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Paul’s Hardships January 11, 2012

Posted by flashbuzzer in Books, Christianity.
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Here are my thoughts on 2 Corinthians 6:3-13.

Summary: Paul begins by noting that as an apostle, he refrains from acting in any way that would cause his hearers to not believe the Gospel. Instead, he – as a minister – always acts to convince his hearers of his integrity; he patiently endures all trials, including:

  • anything that tests his endurance
  • anything that stretches his endurance to its limits
  • anything that causes him to view defeat as a certainty.

More specifically, he patiently endures:

  • being lashed by Jews and Gentiles
  • being imprisoned
  • being confronted by angry rioters

while voluntarily making the following sacrifices:

  • toiling as a minister and as a tent-maker
  • forgoing sleep on numerous occasions
  • forgoing food due to his workload.

In all circumstances, Paul:

  • has the right motives
  • shows a thorough understanding of the Gospel
  • patiently endures trials
  • desires to benefit others
  • possesses the Holy Spirit
  • loves his brothers in Christ
  • preaches the Gospel – which is truth
  • shows that the power of God works through him
  • employs the full armor of God, enabling his hearers to receive His righteousness.

Paul remains faithful through all circumstances, including:

  • being honored or dishonored
  • being judged positively or negatively
  • being regarded as a truth-teller or as one who leads people away from truth
  • being praised or treated with contempt
  • being regarded as close to death – yet God continually rescues him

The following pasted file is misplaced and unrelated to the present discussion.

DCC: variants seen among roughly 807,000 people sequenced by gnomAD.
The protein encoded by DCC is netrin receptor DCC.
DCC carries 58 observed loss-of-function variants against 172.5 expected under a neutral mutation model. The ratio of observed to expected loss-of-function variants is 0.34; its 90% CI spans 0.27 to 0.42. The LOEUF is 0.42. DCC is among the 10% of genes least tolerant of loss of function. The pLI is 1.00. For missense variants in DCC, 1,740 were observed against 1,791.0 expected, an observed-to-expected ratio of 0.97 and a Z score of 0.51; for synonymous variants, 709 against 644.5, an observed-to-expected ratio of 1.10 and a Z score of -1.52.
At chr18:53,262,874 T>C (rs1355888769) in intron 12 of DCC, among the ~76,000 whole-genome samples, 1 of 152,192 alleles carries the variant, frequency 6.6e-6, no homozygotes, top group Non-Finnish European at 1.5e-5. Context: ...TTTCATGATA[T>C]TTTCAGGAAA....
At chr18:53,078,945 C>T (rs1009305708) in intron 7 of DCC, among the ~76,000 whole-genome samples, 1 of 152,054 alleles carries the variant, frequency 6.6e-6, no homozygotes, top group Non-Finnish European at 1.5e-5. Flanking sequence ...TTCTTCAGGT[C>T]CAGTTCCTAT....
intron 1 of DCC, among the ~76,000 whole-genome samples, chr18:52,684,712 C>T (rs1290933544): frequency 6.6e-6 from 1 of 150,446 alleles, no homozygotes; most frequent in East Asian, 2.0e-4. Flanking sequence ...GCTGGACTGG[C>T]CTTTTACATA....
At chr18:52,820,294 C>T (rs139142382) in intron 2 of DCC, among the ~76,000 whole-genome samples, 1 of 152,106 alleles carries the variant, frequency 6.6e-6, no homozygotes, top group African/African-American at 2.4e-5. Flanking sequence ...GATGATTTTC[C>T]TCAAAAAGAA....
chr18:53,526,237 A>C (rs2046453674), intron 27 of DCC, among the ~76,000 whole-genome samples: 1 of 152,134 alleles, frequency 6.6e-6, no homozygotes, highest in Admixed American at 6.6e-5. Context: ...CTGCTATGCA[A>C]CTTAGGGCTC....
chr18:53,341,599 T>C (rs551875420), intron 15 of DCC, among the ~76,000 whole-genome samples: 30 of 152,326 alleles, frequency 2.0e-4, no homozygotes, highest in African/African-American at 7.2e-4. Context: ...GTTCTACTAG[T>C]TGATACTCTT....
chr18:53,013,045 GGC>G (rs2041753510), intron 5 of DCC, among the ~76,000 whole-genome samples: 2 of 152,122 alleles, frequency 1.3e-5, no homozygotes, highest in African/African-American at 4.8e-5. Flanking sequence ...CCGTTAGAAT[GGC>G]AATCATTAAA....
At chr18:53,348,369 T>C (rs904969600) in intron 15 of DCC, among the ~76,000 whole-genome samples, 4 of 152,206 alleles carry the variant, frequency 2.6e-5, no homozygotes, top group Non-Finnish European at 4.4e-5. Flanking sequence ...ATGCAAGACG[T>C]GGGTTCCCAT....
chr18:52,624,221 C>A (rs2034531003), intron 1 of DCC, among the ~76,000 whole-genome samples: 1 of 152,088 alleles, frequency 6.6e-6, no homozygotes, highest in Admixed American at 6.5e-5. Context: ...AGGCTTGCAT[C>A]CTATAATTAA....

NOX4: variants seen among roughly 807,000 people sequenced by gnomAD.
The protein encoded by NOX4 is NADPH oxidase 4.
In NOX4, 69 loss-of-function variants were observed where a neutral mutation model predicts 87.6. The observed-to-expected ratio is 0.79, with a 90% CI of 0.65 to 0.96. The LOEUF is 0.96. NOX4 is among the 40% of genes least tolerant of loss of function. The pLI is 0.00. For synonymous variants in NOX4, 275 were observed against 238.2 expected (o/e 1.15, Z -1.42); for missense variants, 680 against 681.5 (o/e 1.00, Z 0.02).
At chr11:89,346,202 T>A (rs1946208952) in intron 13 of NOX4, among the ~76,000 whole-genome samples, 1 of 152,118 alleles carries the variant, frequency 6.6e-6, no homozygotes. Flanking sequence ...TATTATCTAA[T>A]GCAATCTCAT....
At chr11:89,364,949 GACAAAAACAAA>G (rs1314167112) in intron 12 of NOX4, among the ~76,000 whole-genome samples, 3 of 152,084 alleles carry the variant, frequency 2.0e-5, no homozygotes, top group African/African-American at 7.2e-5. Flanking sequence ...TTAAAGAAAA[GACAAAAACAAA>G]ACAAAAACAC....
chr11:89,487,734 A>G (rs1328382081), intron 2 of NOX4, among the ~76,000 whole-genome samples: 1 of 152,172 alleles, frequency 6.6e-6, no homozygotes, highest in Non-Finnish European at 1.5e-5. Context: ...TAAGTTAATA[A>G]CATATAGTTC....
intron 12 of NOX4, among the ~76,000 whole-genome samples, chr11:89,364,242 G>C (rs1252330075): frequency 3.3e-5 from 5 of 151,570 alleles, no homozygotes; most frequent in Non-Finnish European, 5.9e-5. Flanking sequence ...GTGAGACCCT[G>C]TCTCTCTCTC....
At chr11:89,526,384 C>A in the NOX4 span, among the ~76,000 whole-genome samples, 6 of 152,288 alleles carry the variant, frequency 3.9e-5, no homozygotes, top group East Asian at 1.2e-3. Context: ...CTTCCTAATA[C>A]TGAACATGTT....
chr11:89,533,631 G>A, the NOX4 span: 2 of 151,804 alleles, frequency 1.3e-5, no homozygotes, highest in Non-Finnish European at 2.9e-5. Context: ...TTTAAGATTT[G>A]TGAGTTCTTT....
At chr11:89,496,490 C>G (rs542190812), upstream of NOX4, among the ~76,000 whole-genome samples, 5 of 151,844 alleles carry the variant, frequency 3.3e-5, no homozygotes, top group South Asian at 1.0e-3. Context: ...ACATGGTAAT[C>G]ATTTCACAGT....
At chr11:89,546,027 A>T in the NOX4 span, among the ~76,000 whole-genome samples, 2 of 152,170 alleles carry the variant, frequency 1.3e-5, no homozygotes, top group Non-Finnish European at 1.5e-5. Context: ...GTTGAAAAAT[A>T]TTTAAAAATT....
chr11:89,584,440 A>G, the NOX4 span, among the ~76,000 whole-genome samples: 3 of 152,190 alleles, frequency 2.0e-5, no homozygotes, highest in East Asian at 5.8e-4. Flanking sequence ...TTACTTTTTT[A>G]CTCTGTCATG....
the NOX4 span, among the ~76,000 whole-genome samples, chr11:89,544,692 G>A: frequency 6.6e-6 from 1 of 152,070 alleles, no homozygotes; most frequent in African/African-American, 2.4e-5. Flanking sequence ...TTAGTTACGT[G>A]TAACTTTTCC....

• being afflicted – yet not overcome by his afflictions
  • being sorrowful – yet he is also joyful
  • being materially poor – yet he gives true riches to others
  • being destitute – yet God orders all things for his benefit.

He directly addresses the Corinthians, reminding them of his freedom and openness towards them. While he loves them unconditionally, they have not acted in kind. Paul concludes by exhorting the Corinthians – as his spiritual children – to love him in return.

Thoughts: In verse 6, we see that Paul’s possessing the Holy Spirit was one of the reasons for his consistency as a minister. Hodge offers some relevant thoughts on this point:

To prove that he was a minister of God, Paul appeals to the evidence of the presence of the Spirit in him. This evidence was to be found in those graces and gifts of the Holy Spirit that he was full of, and in the divine power that accompanied his preaching and made it successful.

I see this as the main reason for Paul’s consistency as a minister through all of the difficulties that he endured. Without the Holy Spirit’s presence in him, he certainly would have acted based on impure motives when preaching the Gospel; also, he would not have worked so diligently as to give up food and sleep on a regular basis. In addition, he would have abandoned his ministry when faced with death. One must wonder how many believers through the centuries can trace their “spiritual heritage” back to the work of Paul; they can be thankful that he did possess the Holy Spirit – in abundance.

In verse 10, we see that Paul was both full of sorrow and full of joy. Hodge offers some illuminating thoughts on this point:

This is one of the paradoxes of the Christian experience. The believer has more true joy in sorrow than the world can ever give. The sense of the love of God, assurance of his support, confidence in future blessedness, and the persuasion that his present light afflictions will work out for him a far greater and eternal glory mingle with his sorrows and give the suffering child of God a peace that passes all understanding. He would not exchange his lot with that of the most prosperous of the children of this world.

Clearly it is not the case that when a believer receives abundant joy in the midst of abundant sorrow, their abundant sorrow magically disappears. I thought about this, and it seems to relate to my previous post on how believers should rejoice in the fact that they have two natures – a sinful nature and a spiritual nature. Similarly, believers can be thankful for the fact that they experience both sorrow and joy in this life. As believers will never be free from sorrow until the next life, they can rejoice that God does give them joy in this life, enabling them to endure their sorrows.

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